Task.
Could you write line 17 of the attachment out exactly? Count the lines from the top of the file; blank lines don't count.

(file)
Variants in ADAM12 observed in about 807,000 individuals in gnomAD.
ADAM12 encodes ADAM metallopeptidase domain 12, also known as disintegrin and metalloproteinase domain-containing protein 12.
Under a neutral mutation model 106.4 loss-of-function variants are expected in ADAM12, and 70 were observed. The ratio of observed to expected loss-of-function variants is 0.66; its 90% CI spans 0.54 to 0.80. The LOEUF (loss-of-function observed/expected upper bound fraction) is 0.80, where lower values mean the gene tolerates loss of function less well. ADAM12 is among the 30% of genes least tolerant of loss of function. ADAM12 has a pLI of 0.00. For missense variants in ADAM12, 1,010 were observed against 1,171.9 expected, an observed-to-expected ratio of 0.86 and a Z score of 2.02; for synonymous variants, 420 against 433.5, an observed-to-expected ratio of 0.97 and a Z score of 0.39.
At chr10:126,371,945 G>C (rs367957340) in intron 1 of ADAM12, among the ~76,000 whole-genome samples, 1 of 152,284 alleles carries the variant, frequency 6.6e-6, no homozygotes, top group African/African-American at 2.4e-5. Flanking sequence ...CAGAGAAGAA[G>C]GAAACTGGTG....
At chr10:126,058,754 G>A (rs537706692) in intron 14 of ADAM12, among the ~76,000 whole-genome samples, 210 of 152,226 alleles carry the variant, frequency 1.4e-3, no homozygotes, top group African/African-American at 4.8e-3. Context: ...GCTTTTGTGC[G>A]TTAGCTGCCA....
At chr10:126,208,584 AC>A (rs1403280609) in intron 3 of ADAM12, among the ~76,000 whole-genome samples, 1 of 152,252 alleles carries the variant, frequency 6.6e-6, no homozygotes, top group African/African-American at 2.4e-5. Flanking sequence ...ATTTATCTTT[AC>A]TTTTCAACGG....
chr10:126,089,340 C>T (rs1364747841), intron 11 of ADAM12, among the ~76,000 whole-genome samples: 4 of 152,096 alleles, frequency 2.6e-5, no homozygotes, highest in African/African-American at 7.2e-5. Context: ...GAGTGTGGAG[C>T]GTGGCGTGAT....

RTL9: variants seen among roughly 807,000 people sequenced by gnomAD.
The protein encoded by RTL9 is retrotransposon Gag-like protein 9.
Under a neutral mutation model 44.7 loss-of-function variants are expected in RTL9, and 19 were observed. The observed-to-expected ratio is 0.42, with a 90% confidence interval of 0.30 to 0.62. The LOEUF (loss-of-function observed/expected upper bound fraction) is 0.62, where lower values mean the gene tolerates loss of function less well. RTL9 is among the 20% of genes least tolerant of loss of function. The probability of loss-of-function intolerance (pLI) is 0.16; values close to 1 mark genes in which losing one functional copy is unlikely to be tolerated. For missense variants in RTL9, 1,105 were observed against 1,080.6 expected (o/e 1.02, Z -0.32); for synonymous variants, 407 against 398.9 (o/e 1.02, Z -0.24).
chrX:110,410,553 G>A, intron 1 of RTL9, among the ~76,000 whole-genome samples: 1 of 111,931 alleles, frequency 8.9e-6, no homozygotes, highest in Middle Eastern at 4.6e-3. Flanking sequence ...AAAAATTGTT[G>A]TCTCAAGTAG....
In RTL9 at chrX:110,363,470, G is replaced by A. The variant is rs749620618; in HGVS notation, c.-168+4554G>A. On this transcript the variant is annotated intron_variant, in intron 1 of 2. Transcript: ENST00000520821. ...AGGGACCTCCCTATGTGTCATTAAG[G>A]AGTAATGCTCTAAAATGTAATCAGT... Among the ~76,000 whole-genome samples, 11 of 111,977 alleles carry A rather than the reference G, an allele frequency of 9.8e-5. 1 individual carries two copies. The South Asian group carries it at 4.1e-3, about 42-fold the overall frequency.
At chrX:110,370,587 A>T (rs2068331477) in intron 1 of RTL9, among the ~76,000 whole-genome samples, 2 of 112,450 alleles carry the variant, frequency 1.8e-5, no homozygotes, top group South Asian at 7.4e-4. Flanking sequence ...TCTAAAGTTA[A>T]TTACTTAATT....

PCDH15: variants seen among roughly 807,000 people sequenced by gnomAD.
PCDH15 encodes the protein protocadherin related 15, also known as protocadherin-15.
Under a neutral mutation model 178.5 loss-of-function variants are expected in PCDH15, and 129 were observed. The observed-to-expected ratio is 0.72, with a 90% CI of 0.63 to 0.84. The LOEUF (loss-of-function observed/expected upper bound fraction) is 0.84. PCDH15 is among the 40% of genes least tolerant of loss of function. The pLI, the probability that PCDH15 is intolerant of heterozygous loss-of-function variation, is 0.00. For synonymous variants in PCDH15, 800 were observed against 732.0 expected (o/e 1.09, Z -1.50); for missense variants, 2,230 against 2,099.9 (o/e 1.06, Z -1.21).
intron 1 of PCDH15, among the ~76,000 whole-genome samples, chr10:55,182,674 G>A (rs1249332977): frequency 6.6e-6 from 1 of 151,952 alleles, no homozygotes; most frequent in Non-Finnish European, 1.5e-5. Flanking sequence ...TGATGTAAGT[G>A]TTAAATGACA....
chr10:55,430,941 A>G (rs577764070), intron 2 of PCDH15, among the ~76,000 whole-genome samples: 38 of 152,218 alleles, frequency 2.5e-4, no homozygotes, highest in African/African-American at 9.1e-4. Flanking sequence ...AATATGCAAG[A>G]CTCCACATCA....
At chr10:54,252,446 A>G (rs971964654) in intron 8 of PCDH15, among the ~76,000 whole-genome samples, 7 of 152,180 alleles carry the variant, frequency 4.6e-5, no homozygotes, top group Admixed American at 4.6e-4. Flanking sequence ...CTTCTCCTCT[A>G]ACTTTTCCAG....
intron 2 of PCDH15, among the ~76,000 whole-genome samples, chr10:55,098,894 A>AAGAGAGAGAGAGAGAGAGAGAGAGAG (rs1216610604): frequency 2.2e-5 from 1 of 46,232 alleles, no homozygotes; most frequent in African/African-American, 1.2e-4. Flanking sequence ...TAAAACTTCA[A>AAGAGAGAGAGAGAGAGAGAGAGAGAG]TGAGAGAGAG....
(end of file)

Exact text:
intron 1 of PCDH15, among the ~76,000 whole-genome samples, chr10:55,182,674 G>A (rs1249332977): frequency 6.6e-6 from 1 of 151,952 alleles, no homozygotes; most frequent in Non-Finnish European, 1.5e-5. Flanking sequence ...TGATGTAAGT[G>A]TTAAATGACA....